In the past, I’ve been a fan of 37 Signals. I believe that they were ahead of their day in user interface design and simplicity. Their book, Getting Real, still has an impact in how I develop, design, and build product requirements. I’ve utilizing a Basecamp account and tracked several of my projects and clients in there since last summer.
While reading the 37 Signals blog over the last year, I’ve noticed that the tone of the blog has changed dramatically, becoming more judgmental and finite rather than inquisitive and exploratory. Case in point, this post. 37 Signals totally dismisses online/offline applications on the premise that connectivity is something we will all have, everywhere. Here’s my comment that I wrote on the blog:
The perspective you’re looking at this is so narrow that I?m genuinely shocked as a fan of 37 signals. You are mixing online and offline functionality with Internet Connectivity.
This is not a question of being connected, it’s a question of resource management. If I can have an application that utilizes the resources of a laptop as effectively as that of a server, as well as balancing the use of bandwidth between the two, it can create a fantastic user experience for all involved.
I also added a note that the use of the f-bomb was absolutely unnecessary. In a poll I did on my blog, about 40% of the response stated that they didn’t like the use of cussing on the web. In many posts, I’ve seen it used in a humorous fashion… but in the 37 signals blog it was confrontational… to me, the reader that might disagree with them. It was disrespectful. Don’t get me wrong, I cuss (too much). But I don’t do it on my blog where I try to connect with my readers rather than alienate them.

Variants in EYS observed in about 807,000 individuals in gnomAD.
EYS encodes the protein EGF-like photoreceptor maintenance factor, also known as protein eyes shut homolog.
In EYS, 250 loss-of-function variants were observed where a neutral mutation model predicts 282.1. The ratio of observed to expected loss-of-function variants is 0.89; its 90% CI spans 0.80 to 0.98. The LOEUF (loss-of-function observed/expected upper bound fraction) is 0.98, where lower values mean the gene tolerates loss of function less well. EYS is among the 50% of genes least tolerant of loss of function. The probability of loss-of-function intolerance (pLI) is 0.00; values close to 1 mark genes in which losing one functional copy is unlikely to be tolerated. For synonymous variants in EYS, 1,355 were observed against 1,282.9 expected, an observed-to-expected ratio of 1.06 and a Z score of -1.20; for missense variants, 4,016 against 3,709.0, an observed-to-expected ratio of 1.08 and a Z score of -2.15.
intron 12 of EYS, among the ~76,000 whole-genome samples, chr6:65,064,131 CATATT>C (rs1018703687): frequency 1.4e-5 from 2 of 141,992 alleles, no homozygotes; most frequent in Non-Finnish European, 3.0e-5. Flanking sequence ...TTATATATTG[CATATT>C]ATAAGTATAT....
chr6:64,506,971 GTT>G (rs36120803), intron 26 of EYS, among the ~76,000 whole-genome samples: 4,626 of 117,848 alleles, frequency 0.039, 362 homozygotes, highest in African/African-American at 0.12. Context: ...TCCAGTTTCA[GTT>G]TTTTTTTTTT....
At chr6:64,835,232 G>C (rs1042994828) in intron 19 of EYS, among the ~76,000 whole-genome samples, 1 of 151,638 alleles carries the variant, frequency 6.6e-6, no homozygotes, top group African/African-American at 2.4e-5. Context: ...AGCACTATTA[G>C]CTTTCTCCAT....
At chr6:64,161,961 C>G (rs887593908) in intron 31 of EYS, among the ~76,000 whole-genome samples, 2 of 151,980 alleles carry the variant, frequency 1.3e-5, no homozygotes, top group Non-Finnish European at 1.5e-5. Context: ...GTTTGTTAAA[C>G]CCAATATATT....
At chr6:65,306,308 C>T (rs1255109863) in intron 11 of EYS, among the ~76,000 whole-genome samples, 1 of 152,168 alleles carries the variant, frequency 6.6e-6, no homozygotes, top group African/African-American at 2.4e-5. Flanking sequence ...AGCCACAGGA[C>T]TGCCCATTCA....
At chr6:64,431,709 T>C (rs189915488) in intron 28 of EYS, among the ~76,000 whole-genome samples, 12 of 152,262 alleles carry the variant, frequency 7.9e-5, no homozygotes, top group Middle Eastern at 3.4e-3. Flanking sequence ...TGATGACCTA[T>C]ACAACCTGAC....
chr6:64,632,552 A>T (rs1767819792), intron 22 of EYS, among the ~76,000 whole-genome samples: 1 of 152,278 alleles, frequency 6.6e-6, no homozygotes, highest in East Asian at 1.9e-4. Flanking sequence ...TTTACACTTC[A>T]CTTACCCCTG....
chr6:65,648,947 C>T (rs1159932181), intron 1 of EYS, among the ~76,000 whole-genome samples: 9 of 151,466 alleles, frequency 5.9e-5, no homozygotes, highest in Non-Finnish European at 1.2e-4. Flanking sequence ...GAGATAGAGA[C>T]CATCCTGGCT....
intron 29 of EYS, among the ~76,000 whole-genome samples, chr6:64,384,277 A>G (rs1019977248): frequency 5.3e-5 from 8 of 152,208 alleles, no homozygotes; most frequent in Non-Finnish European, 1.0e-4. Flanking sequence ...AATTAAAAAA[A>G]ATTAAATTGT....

Swearing is not the reason I canceled my Basecamp Account today, though. Out of the 12 users I had, I was the only one that actually used Basecamp. I think one other friend of mine added a single To-do item, other than that I was the only user for the last year (and I paid for the account). IMHO, the real test of an application’s usability is whether or not people actually use it. My clients and co-workers didn’t. In fact, I think they avoided using it because it was not that user-friendly.
That’s also not the reason I canceled, though. A couple days ago, their blog introduced another chunk of ignorance: People don’t scroll…emails. Perhaps they should have spoken to the 6,000 clients that we serve that get incredible conversion and click-through rates on well designed emails that require scrolling. ‘Above the fold’ theory still stands – the information that readers see when first opening an email is what engages them. That does NOT mean that they don’t scroll, though! So – without any data to support their ridiculous statement, readers of the Signals vs. Noise blog will now believe them and write emails that are not informative, useful, well-designed, etc… all because some blog told them that this was the definitive answer.
The reason why I canceled my Basecamp account is that I’ve lost faith in 37 Signals. I’m not sure if it’s arrogance from the growth and success of their company, but their glow has fizzled. I’m still a fan of some of the simple functionality of their applications… but the applications as a whole don’t seem to be changing the landscape as they had done in the past. See ya later, 37! It was fun while it lasted.
Ironically, I switched to iGTD, a desktop app.